Adult themes should start with being right with God judicially, then walking with God practically: dealing with sin, learning a skill and getting and keeping a job, doing good work, being truthful with no lying, keeping commitments, getting and staying married, being a God-fearing spouse and parent, being involved in serving the Lord in church.
Adulthood as maturity is sketched out memorably in a couple of Biblical passages. Let's start with Ephesians 4:11-16 —
And he gave the apostles, the prophets, the evangelists, the shepherds and teachers, 12 to equip the saints for the work of ministry, for building up the body of Christ, 13 until we all attain to the unity of the faith and of the knowledge of the Son of God, to mature manhood, to the measure of the stature of the fullness of Christ, 14 so that we may no longer be children, tossed to and fro by the waves and carried about by every wind of doctrine, by human cunning, by craftiness in deceitful schemes. 15 Rather, speaking the truth in love, we are to grow up in every way into him who is the head, into Christ, 16 from whom the whole body, joined and held together by every joint with which it is equipped, when each part is working properly, makes the body grow so that it builds itself up in love.Here it is a matter of spiritual maturity, specifically of doctrinal maturity, ability to stand firm and not be rocked around by every passing fad.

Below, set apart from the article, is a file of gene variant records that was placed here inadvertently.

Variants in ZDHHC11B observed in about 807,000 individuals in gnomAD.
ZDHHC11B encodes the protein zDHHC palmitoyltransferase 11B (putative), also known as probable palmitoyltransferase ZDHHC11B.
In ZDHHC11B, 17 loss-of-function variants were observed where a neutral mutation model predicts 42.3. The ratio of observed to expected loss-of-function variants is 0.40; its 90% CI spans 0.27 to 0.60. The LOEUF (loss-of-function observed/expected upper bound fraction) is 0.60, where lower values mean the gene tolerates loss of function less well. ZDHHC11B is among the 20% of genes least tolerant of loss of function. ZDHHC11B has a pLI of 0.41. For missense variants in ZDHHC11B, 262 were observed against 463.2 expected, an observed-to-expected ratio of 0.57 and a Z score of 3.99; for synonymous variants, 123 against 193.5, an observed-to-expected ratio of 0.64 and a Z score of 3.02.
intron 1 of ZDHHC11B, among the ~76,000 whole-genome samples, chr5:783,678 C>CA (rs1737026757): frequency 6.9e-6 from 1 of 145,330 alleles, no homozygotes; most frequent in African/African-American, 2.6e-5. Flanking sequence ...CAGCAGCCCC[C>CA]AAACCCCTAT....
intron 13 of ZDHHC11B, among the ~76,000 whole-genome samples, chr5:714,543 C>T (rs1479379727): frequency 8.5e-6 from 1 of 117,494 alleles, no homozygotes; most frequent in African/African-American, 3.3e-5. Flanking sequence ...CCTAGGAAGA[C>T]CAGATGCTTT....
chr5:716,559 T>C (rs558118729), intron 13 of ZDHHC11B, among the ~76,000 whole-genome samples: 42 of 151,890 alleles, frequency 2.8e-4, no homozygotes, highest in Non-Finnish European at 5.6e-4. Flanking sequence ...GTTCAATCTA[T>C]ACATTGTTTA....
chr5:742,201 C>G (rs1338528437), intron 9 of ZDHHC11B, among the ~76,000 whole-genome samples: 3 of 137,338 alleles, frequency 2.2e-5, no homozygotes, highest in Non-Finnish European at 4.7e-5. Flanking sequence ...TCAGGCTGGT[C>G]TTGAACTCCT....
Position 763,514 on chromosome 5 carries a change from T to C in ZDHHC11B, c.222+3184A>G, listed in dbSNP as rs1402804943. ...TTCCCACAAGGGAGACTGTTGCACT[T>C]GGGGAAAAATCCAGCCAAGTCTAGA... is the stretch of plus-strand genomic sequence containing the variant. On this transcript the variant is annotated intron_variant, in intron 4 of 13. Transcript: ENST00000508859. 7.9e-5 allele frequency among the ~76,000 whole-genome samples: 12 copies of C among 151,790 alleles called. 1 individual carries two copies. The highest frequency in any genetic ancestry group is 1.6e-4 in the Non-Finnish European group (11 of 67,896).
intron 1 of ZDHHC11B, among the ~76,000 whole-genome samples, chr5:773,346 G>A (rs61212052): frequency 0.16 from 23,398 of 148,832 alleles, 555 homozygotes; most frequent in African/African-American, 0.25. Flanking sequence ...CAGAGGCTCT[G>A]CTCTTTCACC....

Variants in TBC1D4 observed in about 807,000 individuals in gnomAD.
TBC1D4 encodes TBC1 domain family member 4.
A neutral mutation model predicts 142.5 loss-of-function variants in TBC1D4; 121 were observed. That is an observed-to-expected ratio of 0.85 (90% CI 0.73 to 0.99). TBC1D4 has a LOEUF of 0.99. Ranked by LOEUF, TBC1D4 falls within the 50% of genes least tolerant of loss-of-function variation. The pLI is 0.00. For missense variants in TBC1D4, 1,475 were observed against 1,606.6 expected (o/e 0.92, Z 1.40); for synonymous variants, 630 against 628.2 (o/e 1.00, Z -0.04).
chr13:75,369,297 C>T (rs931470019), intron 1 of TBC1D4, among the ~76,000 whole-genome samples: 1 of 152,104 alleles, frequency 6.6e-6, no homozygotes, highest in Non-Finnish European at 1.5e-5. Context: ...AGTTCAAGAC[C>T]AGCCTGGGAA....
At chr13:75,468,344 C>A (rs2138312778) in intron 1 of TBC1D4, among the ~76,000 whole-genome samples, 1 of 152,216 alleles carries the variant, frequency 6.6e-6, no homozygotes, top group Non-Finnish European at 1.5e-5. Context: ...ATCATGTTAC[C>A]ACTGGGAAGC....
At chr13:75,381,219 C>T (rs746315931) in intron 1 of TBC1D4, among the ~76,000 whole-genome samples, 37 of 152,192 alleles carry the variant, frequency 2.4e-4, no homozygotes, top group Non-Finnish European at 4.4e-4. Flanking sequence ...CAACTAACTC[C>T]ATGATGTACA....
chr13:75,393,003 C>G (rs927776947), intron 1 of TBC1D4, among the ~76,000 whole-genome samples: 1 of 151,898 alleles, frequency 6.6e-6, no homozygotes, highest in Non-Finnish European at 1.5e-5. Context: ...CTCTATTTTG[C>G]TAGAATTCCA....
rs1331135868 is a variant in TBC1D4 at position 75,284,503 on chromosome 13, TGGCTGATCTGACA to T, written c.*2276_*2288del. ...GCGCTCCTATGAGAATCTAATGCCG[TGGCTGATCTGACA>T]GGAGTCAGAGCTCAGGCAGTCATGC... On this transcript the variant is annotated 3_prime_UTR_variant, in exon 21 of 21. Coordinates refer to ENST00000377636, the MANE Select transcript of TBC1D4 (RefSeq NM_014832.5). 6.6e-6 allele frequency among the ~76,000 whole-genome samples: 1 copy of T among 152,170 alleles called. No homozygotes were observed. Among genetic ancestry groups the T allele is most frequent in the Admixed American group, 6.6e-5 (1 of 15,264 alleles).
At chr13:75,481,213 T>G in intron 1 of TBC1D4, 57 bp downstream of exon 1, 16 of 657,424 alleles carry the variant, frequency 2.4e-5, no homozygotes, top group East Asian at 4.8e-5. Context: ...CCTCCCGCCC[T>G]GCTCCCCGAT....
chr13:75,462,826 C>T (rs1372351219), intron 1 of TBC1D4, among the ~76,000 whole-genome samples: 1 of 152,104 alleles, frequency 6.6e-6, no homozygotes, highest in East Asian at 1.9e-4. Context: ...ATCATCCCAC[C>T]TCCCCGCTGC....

In this context, it is interesting that the apostle goes on to mention what we are calling "adult themes" — that Christians should abstain from sensuality and impurity (v. 19).
When the writer to the Hebrews mentions "adult themes," he is pretty forceful about it:
About [Melchizedek] we have much to say, and it is hard to explain, since you have become dull of hearing. 12 For though by this time you ought to be teachers, you need someone to teach you again the basic principles of the oracles of God. You need milk, not solid food, 13 for everyone who lives on milk is unskilled in the word of righteousness, since he is a child. 14 But solid food is for the mature, for those who have their powers of discernment trained by constant practice to distinguish good from evil. (5:11-14)Again, the focus is on doctrinal maturity which shows itself in moral/ethical maturity, being able to distinguish good from evil.
Further, the verses that follow show that the writer saw maturity as far more than a desirable extra. His view was: grow, or crash. Their failure to grow actually made him fear for the reality of their conversion.
Obviously, the apostles' view was far different from ours. The concept of baby men was unthinkable. The new life implanted by God through His word naturally impels us to grow, strive, mature. Not always at the same rate; some bear 100, but also some 60 and some 30 (Matthew 13:23) — but all bear fruit.
So next time you read or hear this abuse of "adult themes," to mean "sniggery juvenile themes," roll your eyes, shake your head, and redouble your prayer and commitment to grow up — which means growing out of such things.